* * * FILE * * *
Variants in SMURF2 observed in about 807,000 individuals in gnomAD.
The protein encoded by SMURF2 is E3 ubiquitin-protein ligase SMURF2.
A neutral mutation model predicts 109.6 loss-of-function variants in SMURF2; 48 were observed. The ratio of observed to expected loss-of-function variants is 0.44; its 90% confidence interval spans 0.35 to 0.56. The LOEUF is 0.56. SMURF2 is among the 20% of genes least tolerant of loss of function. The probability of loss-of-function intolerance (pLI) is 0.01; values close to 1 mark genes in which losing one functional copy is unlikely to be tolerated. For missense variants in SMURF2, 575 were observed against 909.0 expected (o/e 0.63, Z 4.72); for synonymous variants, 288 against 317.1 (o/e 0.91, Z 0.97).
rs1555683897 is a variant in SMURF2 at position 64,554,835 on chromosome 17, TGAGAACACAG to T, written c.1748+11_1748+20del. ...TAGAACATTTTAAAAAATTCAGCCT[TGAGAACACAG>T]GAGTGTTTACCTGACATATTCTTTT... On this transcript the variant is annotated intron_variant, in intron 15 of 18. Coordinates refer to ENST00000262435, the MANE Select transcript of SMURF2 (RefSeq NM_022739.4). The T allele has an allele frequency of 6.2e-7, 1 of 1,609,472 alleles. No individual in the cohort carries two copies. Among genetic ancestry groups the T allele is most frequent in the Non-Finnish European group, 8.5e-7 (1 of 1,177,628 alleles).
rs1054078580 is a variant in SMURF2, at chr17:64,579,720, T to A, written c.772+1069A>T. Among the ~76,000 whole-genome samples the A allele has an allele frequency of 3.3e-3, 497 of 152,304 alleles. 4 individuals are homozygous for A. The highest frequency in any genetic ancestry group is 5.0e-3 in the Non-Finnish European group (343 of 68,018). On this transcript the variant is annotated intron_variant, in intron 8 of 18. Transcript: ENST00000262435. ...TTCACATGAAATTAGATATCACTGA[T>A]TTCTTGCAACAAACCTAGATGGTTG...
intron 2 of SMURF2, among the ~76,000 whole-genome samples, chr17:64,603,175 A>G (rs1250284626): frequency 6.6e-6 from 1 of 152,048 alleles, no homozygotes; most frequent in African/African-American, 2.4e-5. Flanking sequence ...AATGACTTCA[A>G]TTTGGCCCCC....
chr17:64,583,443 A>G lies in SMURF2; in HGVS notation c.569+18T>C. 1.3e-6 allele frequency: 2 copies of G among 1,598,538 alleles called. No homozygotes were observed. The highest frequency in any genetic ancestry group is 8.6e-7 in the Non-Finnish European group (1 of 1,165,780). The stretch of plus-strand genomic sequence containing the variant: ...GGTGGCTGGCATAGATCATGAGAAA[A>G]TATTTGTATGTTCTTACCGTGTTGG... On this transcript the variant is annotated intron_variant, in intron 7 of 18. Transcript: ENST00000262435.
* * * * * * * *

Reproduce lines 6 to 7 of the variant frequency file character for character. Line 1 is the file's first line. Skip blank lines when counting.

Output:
intron 2 of SMURF2, among the ~76,000 whole-genome samples, chr17:64,603,175 A>G (rs1250284626): frequency 6.6e-6 from 1 of 152,048 alleles, no homozygotes; most frequent in African/African-American, 2.4e-5. Flanking sequence ...AATGACTTCA[A>G]TTTGGCCCCC....
chr17:64,583,443 A>G lies in SMURF2; in HGVS notation c.569+18T>C. 1.3e-6 allele frequency: 2 copies of G among 1,598,538 alleles called. No homozygotes were observed. The highest frequency in any genetic ancestry group is 8.6e-7 in the Non-Finnish European group (1 of 1,165,780). The stretch of plus-strand genomic sequence containing the variant: ...GGTGGCTGGCATAGATCATGAGAAA[A>G]TATTTGTATGTTCTTACCGTGTTGG... On this transcript the variant is annotated intron_variant, in intron 7 of 18. Transcript: ENST00000262435.